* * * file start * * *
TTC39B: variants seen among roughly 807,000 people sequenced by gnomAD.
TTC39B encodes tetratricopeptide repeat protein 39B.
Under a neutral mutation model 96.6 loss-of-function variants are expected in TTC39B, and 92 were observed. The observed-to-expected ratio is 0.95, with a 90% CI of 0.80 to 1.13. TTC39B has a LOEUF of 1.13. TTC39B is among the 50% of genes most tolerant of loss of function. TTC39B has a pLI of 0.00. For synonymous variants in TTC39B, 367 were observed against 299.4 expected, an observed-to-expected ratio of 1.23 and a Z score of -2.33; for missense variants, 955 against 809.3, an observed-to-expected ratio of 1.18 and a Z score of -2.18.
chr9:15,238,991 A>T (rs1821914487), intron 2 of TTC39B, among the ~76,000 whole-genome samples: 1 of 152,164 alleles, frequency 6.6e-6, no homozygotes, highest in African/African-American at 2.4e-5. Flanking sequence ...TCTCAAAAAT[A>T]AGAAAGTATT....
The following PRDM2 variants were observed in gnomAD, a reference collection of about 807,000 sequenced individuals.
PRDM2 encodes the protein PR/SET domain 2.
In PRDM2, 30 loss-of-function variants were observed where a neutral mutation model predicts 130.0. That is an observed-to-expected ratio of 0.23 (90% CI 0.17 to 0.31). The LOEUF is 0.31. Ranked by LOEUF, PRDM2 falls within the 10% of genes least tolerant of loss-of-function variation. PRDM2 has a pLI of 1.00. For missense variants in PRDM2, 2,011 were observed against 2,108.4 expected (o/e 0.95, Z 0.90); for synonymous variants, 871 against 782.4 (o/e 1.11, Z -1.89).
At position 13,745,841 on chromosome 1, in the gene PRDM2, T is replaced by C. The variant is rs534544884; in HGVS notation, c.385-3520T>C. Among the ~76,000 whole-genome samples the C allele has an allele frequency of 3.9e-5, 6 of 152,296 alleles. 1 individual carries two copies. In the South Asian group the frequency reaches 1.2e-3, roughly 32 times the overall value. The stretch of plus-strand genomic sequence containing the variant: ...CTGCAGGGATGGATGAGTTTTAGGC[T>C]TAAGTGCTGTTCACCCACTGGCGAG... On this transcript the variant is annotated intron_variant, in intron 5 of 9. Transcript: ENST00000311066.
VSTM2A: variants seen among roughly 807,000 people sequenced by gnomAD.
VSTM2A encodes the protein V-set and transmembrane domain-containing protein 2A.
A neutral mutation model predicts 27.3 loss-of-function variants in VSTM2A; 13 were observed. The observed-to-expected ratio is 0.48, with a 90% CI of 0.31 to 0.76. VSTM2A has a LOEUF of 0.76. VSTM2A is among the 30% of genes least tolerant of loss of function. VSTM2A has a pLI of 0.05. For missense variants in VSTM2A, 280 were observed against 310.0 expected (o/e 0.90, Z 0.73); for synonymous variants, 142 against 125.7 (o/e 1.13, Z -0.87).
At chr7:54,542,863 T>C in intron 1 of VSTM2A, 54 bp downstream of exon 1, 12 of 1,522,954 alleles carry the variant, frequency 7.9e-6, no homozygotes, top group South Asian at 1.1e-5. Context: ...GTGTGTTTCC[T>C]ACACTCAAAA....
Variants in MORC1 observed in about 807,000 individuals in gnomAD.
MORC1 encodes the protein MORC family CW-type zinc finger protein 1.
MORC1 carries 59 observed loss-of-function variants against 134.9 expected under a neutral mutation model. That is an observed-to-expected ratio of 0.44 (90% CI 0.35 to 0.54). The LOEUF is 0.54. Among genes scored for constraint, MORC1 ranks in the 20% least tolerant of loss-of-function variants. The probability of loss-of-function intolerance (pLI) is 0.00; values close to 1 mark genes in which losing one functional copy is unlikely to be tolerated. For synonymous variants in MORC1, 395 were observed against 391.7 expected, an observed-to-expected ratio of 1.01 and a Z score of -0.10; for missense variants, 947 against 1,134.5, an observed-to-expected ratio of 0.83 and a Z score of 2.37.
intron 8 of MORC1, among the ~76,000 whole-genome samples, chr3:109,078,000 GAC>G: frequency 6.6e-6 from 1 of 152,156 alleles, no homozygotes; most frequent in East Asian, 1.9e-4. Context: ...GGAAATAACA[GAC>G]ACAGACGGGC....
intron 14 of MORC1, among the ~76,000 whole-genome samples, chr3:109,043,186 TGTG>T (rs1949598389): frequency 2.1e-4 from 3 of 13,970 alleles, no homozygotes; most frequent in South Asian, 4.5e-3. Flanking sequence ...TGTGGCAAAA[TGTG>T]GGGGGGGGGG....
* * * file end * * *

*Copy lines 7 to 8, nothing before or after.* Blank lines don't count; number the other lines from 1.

In PRDM2, 30 loss-of-function variants were observed where a neutral mutation model predicts 130.0. That is an observed-to-expected ratio of 0.23 (90% CI 0.17 to 0.31). The LOEUF is 0.31. Ranked by LOEUF, PRDM2 falls within the 10% of genes least tolerant of loss-of-function variation. PRDM2 has a pLI of 1.00. For missense variants in PRDM2, 2,011 were observed against 2,108.4 expected (o/e 0.95, Z 0.90); for synonymous variants, 871 against 782.4 (o/e 1.11, Z -1.89).
At position 13,745,841 on chromosome 1, in the gene PRDM2, T is replaced by C. The variant is rs534544884; in HGVS notation, c.385-3520T>C. Among the ~76,000 whole-genome samples the C allele has an allele frequency of 3.9e-5, 6 of 152,296 alleles. 1 individual carries two copies. In the South Asian group the frequency reaches 1.2e-3, roughly 32 times the overall value. The stretch of plus-strand genomic sequence containing the variant: ...CTGCAGGGATGGATGAGTTTTAGGC[T>C]TAAGTGCTGTTCACCCACTGGCGAG... On this transcript the variant is annotated intron_variant, in intron 5 of 9. Transcript: ENST00000311066.